A sickly dollar and firming oil prices swept gold to 28-year highs on Thursday, while platinum was set in London at a record high of $1,407 per ounce, aided by rising bullion prices and worries over supply.

Dealers and analysts said fund buyers, seeking safe stores for their cash due to continuing unease over problems in credit markets, had the bit between their teeth and would eventually targeting a record high above $800.

Palladium also touched a near six-month high. However, traders warned it could be prone to heavy liquidation because its recent strength was largely driven by speculative funds.

When you have a weaker dollar and strong oil, those two factors always make gold very strong, said Frank Holmes, CEO of U.S. Global Investors Inc in San Antonio, which manages about $5 billion of assets in mutual funds.

Spot gold rose as high as $753.60 an ounce -- its highest since January 1980 -- and was quoted at $750.40/751.20 at 2:15 p.m. EDT, up from $738.80/739.60 late in New York on Wednesday.

COMEX floor traders in New York also cited trade-related buying and technical chart-based support as spot gold surged above key resistance level of $747.50 an ounce.

Platinum breached $1,400 an ounce for the first time on Thursday. It was last quoted at its record-high of $1,407/1,412 an ounce, up sharply from its Wednesday finish of $1,381/1,388 in the U.S. market.

Dealers cited worries over supply in South Africa due to power outages and rising rates of interest charged on borrowing the metal.

South Africa's Anglo Platinum, the world's biggest producer, said that two of its smelters were affected by power outages.

Market watchers said the metal, used in auto catalytic converters and to make jewelry, was well positioned for further gains with support from the supply/demand outlook and fund interest.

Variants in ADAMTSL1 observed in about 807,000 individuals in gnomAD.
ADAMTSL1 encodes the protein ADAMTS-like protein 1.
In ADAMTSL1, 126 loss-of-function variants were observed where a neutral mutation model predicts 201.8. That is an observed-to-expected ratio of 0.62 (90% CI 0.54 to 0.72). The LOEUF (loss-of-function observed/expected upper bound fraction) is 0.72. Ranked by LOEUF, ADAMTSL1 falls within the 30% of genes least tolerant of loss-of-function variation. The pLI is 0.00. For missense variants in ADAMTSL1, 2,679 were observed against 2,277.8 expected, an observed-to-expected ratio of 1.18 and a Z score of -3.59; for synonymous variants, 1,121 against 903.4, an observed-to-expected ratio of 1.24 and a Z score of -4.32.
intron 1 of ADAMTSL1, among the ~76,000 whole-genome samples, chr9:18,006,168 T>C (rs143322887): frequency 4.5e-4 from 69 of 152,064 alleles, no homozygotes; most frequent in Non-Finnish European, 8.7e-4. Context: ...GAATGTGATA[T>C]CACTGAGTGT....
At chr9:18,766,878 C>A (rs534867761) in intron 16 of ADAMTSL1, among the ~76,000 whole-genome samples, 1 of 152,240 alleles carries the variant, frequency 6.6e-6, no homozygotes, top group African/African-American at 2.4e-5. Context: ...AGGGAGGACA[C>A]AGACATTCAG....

Holmes cited robust autocatalyst demand for platinum and palladium as countries including India and China were pushing for clean air policies.

We continue to believe that platinum is a relatively safe place to hold precious metals exposure; any liquidation in gold will tug platinum lower but positioning is less extreme in platinum compared to gold and supply and demand fundamentals (are) superior, UBS said in a note to clients.

Ralph D'Esposito, a NYMEX floor trader at RJ Futures, said that platinum's rally was fueled by trade buying and strong supply-demand fundamentals.

Yet D'Esposito said he expected any liquidation in palladium, whose recent rally was mainly driven by fund speculation, could be a lot heavier than platinum.

Palladium is going to run a little faster to the upside because the funds are buying. As soon as they get out, you are not going to find the bottom, he said.

Palladium was last traded at $377/381 an ounce, up from $372.50/376.50 late in New York on Wednesday.


The euro gained for a third straight day against the dollar on Thursday as markets worried the U.S. Federal Reserve would slash interest rates again to boost the economy.

Gold was also reaping benefits from rising oil that boosted its role as a hedge against oil-led inflation. U.S. crude surged more than 2 percent to finish at $83.08 a barrel, after a surprise decline in the U.S. inventories stirred concern about supplies in the United States ahead of winter.

On the supply front, South African gold output fell 4.9 percent in volume terms and overall minerals production fell 3.1 percent in August compared with the same month the previous year, official data showed

The benchmark August 2008 gold contract on the Tokyo Commodity Exchange finished up 14 yen or 0.5 percent at the day's peak of 2,836 yen, the highest for any TOCOM gold benchmark since March 1985.

Silver also rose to $13.71/13.76 an ounce from its previous close of $13.53/13.58.

(Additional reporting by Atul Prakash in London and Miho Yoshikawa in Tokyo)